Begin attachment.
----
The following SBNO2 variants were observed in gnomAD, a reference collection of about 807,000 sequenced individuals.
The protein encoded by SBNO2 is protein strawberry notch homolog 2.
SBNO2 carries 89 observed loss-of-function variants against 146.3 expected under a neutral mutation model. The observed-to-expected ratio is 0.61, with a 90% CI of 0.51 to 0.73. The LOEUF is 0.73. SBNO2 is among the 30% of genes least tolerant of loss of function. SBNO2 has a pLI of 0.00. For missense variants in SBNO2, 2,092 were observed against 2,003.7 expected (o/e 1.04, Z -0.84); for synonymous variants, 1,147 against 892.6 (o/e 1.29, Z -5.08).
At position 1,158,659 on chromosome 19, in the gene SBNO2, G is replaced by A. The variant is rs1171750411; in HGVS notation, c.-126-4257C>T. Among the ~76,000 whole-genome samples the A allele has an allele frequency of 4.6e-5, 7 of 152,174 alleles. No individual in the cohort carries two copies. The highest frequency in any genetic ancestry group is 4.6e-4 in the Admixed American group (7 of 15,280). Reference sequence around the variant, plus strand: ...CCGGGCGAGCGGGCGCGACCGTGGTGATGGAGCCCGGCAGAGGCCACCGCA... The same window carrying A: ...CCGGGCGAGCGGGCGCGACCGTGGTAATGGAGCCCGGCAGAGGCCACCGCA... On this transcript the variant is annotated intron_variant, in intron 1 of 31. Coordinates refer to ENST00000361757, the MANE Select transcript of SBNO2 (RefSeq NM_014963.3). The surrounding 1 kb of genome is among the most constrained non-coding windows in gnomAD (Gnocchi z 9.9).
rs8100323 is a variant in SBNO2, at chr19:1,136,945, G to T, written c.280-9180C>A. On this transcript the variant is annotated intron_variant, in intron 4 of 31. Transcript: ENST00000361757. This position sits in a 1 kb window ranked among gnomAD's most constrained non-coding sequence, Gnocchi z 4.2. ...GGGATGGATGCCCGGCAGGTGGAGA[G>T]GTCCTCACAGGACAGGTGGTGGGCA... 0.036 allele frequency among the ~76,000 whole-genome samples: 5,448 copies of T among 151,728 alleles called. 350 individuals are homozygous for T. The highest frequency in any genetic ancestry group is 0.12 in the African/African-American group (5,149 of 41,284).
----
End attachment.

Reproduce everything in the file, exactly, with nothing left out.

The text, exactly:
The following SBNO2 variants were observed in gnomAD, a reference collection of about 807,000 sequenced individuals.
The protein encoded by SBNO2 is protein strawberry notch homolog 2.
SBNO2 carries 89 observed loss-of-function variants against 146.3 expected under a neutral mutation model. The observed-to-expected ratio is 0.61, with a 90% CI of 0.51 to 0.73. The LOEUF is 0.73. SBNO2 is among the 30% of genes least tolerant of loss of function. SBNO2 has a pLI of 0.00. For missense variants in SBNO2, 2,092 were observed against 2,003.7 expected (o/e 1.04, Z -0.84); for synonymous variants, 1,147 against 892.6 (o/e 1.29, Z -5.08).
At position 1,158,659 on chromosome 19, in the gene SBNO2, G is replaced by A. The variant is rs1171750411; in HGVS notation, c.-126-4257C>T. Among the ~76,000 whole-genome samples the A allele has an allele frequency of 4.6e-5, 7 of 152,174 alleles. No individual in the cohort carries two copies. The highest frequency in any genetic ancestry group is 4.6e-4 in the Admixed American group (7 of 15,280). Reference sequence around the variant, plus strand: ...CCGGGCGAGCGGGCGCGACCGTGGTGATGGAGCCCGGCAGAGGCCACCGCA... The same window carrying A: ...CCGGGCGAGCGGGCGCGACCGTGGTAATGGAGCCCGGCAGAGGCCACCGCA... On this transcript the variant is annotated intron_variant, in intron 1 of 31. Coordinates refer to ENST00000361757, the MANE Select transcript of SBNO2 (RefSeq NM_014963.3). The surrounding 1 kb of genome is among the most constrained non-coding windows in gnomAD (Gnocchi z 9.9).
rs8100323 is a variant in SBNO2, at chr19:1,136,945, G to T, written c.280-9180C>A. On this transcript the variant is annotated intron_variant, in intron 4 of 31. Transcript: ENST00000361757. This position sits in a 1 kb window ranked among gnomAD's most constrained non-coding sequence, Gnocchi z 4.2. ...GGGATGGATGCCCGGCAGGTGGAGA[G>T]GTCCTCACAGGACAGGTGGTGGGCA... 0.036 allele frequency among the ~76,000 whole-genome samples: 5,448 copies of T among 151,728 alleles called. 350 individuals are homozygous for T. The highest frequency in any genetic ancestry group is 0.12 in the African/African-American group (5,149 of 41,284).